Recalling that there has been no central administration of any description in Somalia for the past 10 years, he says that the Transitional National Government (TNG) inherited none of the formal institutions of a modern State. Both the TNG and the Somalia Reconciliation and Restoration Council, formed by opposition faction leaders, claim to be national, multi-clan alliances. Both have stated that they wish to pursue national reconciliation. Since neither seems to disagree on any major political issue, the differences ought not to be irreconcilable, the report states.
The Secretary-General stresses that local political settlements deserved more attention. "Nevertheless, disputes that often appear to be purely local cannot be solved by local actors alone. Thus, the process of rebuilding national institutions should go forward, alongside strong and impartial efforts at local reconciliation."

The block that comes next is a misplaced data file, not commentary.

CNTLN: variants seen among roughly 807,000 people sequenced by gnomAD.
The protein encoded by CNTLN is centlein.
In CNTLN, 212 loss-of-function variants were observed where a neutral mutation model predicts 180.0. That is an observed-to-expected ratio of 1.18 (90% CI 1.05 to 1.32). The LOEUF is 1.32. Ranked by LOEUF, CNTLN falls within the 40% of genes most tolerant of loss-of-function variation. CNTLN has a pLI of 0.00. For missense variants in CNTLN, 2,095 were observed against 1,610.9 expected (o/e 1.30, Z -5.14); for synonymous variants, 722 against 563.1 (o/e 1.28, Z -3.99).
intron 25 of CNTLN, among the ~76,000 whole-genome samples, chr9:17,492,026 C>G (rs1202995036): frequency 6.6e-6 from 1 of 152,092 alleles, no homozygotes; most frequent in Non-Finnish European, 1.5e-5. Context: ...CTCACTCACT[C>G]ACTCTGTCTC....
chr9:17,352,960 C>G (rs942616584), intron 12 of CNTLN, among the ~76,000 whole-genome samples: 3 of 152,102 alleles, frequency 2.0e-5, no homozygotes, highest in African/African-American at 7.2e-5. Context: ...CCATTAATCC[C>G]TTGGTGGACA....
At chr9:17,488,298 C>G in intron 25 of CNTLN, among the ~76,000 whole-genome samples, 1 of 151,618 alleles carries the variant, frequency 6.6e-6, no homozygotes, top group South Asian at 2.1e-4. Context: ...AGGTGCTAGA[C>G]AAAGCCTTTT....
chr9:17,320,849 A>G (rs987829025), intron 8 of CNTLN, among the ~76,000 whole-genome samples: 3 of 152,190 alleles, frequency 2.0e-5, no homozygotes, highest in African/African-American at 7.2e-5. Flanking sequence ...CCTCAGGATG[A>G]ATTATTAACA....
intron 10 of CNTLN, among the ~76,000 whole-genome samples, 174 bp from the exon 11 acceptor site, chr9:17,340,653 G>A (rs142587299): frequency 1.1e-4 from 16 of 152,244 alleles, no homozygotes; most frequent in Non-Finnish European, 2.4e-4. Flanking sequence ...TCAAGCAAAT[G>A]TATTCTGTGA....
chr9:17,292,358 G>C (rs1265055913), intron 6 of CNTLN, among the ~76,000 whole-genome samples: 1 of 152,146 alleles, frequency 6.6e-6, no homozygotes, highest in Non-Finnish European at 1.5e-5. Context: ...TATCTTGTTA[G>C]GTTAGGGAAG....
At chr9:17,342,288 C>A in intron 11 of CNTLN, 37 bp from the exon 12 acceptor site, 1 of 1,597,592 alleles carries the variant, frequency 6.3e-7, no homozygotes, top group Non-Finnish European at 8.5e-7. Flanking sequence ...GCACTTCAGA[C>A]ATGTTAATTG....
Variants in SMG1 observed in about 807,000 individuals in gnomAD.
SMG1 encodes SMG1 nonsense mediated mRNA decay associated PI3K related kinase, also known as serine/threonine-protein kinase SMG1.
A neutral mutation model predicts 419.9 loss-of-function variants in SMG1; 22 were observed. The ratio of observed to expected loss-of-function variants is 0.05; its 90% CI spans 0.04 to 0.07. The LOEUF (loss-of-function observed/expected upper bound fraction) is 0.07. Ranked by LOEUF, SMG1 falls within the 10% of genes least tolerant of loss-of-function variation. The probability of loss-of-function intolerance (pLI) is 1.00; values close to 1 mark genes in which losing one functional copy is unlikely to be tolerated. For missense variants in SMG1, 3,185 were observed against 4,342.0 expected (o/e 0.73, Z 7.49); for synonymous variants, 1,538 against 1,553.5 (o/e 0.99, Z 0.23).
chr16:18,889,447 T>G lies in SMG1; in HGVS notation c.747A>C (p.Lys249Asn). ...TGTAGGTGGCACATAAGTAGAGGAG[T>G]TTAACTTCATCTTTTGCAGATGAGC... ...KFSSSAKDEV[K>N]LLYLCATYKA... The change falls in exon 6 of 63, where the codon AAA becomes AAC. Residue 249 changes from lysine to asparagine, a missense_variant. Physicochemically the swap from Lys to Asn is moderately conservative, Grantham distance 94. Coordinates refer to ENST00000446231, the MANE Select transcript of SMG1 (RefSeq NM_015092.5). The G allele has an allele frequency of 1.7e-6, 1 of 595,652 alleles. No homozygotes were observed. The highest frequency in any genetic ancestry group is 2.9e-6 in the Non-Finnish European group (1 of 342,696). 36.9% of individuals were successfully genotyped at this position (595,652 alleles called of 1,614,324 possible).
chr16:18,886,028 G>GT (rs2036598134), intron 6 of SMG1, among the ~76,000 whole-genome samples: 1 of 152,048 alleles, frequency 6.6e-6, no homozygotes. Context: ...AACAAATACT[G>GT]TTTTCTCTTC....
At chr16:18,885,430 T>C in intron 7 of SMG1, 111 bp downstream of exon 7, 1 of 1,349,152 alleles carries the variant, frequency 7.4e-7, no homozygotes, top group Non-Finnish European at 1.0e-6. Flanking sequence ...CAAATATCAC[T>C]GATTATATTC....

The Secretary-General calls on Somali leaders "to put aside their narrow interests and work together to achieve the return of their country to peace, stability and overall normalcy." In that context, it would be important for the Inter-Governmental Authority on Development (IGAD) to put in place the mechanism for negotiation agreed upon at the Khartoum Summit in November 2000.
The Secretary-General continues to be concerned about the human rights situation in Somalia, the report states. Despite the efforts of United Nations and other humanitarian and development agencies, "large sections of the Somali population continue to suffer from the internal conflict and its consequences, with little hope of improvement in their living conditions."